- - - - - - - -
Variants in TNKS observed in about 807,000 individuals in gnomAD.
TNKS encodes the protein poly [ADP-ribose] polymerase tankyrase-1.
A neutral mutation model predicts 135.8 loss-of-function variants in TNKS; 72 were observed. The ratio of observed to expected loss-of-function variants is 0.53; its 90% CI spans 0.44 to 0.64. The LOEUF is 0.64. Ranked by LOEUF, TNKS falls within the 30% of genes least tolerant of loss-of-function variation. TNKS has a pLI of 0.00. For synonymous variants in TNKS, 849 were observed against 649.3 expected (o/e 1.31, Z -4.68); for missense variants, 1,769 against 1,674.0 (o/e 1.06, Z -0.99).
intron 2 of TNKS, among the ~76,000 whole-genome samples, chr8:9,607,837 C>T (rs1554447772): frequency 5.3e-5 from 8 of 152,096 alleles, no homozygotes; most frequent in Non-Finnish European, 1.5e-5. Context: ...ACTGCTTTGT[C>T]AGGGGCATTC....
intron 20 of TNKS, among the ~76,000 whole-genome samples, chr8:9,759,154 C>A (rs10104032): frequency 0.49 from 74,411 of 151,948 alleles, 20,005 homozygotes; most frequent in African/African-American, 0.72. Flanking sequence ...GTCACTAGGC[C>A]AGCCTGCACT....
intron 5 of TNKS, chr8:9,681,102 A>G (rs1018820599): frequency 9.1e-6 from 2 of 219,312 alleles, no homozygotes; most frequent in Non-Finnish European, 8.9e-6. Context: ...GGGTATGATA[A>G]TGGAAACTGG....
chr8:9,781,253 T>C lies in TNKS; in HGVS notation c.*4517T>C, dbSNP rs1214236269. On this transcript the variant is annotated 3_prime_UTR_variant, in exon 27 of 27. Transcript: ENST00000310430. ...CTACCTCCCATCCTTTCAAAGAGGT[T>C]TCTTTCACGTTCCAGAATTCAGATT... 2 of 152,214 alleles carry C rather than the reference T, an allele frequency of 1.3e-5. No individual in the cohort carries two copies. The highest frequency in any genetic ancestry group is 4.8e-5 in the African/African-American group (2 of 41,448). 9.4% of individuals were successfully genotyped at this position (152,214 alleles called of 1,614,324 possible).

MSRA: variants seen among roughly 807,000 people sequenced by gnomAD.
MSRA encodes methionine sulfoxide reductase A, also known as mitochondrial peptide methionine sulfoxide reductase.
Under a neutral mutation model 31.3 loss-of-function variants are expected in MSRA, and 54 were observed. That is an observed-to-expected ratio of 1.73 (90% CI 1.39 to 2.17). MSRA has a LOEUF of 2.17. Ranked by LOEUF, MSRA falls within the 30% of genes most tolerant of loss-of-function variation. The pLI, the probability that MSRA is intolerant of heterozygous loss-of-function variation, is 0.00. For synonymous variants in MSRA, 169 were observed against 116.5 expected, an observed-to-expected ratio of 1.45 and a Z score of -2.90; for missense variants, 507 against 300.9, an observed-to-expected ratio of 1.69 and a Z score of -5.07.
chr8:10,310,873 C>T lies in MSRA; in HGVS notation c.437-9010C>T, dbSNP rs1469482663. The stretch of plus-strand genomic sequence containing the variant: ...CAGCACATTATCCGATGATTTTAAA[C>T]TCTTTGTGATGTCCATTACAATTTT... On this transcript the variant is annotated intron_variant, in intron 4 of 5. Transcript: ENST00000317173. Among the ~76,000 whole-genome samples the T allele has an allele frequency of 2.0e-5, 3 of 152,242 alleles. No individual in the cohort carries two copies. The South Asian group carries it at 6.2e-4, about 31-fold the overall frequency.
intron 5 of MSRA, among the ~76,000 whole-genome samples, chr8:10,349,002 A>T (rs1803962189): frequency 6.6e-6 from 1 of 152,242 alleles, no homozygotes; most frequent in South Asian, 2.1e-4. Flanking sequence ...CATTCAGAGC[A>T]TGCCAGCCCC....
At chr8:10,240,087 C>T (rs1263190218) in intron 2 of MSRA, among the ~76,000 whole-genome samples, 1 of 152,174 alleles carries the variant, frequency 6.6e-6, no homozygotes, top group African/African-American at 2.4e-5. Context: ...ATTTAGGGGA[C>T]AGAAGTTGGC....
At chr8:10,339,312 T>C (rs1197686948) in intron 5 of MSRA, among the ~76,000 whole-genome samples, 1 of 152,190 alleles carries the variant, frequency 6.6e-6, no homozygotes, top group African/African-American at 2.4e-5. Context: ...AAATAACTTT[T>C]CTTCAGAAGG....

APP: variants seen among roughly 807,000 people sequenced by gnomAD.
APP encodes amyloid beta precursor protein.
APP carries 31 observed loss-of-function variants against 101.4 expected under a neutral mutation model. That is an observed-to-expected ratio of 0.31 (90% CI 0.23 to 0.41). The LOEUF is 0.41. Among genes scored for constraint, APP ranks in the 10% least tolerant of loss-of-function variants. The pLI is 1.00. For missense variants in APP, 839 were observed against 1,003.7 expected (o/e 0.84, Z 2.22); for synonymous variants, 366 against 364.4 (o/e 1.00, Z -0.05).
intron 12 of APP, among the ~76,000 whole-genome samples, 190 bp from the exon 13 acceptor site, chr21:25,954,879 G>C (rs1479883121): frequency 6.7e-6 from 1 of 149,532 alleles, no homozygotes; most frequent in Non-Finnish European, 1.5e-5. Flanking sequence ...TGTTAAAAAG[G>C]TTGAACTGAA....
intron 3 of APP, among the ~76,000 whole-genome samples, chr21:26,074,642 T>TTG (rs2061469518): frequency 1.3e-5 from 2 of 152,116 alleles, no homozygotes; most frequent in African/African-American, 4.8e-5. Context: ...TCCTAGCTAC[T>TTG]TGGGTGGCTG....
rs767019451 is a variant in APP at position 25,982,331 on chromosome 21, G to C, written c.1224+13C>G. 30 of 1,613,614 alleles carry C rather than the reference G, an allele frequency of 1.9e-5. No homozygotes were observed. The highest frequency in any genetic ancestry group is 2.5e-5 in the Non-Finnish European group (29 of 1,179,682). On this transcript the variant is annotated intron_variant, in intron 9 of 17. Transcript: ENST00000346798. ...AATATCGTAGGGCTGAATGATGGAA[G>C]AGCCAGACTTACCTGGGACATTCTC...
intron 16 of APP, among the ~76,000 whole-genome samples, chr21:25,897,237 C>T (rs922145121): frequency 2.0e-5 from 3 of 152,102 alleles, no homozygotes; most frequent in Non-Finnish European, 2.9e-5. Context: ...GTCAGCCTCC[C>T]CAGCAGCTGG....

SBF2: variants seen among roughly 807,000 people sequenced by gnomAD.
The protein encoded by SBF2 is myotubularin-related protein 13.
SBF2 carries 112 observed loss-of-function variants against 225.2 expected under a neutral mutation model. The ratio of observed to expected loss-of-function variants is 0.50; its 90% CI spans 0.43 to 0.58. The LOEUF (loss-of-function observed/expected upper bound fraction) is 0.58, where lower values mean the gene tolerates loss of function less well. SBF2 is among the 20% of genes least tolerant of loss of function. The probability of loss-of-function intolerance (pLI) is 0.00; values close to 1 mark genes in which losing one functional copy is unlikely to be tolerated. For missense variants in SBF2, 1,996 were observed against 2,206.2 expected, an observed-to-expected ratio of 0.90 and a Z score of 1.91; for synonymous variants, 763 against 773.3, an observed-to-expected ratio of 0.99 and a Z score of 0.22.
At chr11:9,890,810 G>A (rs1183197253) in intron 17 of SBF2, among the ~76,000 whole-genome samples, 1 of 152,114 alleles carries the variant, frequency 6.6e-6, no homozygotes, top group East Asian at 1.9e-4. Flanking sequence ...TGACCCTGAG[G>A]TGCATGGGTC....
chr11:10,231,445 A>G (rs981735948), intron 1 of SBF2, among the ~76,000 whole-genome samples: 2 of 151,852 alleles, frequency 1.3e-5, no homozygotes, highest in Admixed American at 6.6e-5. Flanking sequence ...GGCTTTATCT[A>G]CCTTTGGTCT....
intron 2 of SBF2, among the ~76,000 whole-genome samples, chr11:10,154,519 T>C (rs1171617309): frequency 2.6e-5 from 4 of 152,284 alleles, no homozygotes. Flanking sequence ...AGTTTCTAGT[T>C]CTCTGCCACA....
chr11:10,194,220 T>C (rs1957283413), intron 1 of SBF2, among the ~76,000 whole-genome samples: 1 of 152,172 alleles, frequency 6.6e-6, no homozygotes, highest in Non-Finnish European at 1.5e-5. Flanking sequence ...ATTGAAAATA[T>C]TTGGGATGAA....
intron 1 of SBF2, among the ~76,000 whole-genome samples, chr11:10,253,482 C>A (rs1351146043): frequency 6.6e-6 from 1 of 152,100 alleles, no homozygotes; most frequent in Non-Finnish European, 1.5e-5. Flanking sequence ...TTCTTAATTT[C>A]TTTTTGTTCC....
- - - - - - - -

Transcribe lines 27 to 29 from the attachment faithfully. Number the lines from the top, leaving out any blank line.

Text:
intron 2 of SBF2, among the ~76,000 whole-genome samples, chr11:10,154,519 T>C (rs1171617309): frequency 2.6e-5 from 4 of 152,284 alleles, no homozygotes. Flanking sequence ...AGTTTCTAGT[T>C]CTCTGCCACA....
chr11:10,194,220 T>C (rs1957283413), intron 1 of SBF2, among the ~76,000 whole-genome samples: 1 of 152,172 alleles, frequency 6.6e-6, no homozygotes, highest in Non-Finnish European at 1.5e-5. Flanking sequence ...ATTGAAAATA[T>C]TTGGGATGAA....
intron 1 of SBF2, among the ~76,000 whole-genome samples, chr11:10,253,482 C>A (rs1351146043): frequency 6.6e-6 from 1 of 152,100 alleles, no homozygotes; most frequent in Non-Finnish European, 1.5e-5. Flanking sequence ...TTCTTAATTT[C>A]TTTTTGTTCC....